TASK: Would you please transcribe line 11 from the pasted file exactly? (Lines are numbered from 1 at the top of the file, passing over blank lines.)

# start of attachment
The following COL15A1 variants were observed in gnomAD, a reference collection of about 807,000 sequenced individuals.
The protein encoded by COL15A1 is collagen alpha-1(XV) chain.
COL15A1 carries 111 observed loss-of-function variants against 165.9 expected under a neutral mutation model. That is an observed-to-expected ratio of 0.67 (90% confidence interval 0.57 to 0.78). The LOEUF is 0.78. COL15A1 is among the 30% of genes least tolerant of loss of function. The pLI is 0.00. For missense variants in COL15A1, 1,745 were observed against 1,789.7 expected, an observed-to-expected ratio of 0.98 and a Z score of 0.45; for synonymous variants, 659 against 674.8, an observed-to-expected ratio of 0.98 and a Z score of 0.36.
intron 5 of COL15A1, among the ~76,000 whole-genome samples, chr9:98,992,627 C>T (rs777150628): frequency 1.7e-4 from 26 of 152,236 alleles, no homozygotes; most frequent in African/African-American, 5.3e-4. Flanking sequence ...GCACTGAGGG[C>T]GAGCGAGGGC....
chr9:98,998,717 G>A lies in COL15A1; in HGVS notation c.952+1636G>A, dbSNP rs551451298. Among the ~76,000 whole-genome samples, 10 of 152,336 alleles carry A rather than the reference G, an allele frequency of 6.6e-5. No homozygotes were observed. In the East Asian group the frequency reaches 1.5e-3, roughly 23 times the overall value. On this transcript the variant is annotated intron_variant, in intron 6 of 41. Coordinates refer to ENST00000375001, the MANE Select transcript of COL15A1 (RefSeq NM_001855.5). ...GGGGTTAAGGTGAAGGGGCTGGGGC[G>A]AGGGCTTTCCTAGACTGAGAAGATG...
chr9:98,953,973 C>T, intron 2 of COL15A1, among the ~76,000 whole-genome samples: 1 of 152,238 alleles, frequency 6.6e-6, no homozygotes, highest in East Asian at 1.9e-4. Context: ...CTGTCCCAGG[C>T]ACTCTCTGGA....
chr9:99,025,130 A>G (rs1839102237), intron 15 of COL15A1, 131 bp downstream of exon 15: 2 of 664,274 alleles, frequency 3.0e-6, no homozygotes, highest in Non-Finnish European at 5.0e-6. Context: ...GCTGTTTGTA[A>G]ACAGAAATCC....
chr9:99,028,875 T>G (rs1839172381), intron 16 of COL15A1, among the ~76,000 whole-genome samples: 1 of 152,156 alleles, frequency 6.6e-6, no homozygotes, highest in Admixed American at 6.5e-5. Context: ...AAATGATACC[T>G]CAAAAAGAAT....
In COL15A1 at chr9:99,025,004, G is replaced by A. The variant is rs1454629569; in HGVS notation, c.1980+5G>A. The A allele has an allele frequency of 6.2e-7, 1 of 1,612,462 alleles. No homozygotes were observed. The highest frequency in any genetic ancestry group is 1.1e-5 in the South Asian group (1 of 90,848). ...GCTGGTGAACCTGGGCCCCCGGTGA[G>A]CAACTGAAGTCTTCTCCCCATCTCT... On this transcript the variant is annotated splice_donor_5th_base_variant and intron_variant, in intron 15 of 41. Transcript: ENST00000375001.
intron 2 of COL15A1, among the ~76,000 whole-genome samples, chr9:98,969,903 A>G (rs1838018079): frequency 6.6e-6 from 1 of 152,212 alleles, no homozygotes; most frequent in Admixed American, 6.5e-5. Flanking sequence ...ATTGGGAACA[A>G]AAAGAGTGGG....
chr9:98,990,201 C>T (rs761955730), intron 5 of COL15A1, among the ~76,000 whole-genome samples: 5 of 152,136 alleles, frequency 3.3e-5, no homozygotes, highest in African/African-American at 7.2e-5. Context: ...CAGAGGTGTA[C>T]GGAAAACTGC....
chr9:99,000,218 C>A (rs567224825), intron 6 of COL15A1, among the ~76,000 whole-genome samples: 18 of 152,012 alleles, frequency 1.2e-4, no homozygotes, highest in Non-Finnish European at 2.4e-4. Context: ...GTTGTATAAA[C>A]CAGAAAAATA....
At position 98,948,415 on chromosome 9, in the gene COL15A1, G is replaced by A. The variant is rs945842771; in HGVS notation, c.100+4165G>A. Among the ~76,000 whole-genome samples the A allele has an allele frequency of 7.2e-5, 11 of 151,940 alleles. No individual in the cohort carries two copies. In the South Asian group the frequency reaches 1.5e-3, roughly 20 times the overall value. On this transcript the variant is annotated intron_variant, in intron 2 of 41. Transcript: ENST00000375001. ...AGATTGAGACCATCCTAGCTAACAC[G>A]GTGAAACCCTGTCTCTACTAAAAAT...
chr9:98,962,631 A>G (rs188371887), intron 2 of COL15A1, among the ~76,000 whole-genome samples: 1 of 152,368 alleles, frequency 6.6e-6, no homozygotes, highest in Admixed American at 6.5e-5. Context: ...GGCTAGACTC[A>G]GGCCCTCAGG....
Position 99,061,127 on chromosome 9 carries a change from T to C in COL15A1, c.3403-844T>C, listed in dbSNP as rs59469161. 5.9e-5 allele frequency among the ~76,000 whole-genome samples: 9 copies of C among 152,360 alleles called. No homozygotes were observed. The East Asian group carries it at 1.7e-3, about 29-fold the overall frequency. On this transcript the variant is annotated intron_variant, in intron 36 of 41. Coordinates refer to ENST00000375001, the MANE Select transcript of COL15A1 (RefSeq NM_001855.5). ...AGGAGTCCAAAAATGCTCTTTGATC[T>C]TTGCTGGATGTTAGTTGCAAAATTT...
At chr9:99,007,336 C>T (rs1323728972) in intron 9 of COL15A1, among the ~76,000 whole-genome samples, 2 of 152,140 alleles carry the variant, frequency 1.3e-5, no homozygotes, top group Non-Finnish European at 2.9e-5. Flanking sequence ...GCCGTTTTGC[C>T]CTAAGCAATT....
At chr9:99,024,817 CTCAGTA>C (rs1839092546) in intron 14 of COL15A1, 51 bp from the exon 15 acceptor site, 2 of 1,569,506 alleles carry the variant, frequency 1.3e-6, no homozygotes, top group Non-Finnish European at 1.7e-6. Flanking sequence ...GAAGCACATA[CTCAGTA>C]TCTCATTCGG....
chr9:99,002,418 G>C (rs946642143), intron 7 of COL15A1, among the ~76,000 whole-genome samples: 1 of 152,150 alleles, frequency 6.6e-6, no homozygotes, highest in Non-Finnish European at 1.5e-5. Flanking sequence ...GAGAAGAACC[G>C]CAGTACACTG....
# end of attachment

chr9:98,990,201 C>T (rs761955730), intron 5 of COL15A1, among the ~76,000 whole-genome samples: 5 of 152,136 alleles, frequency 3.3e-5, no homozygotes, highest in African/African-American at 7.2e-5. Context: ...CAGAGGTGTA[C>T]GGAAAACTGC....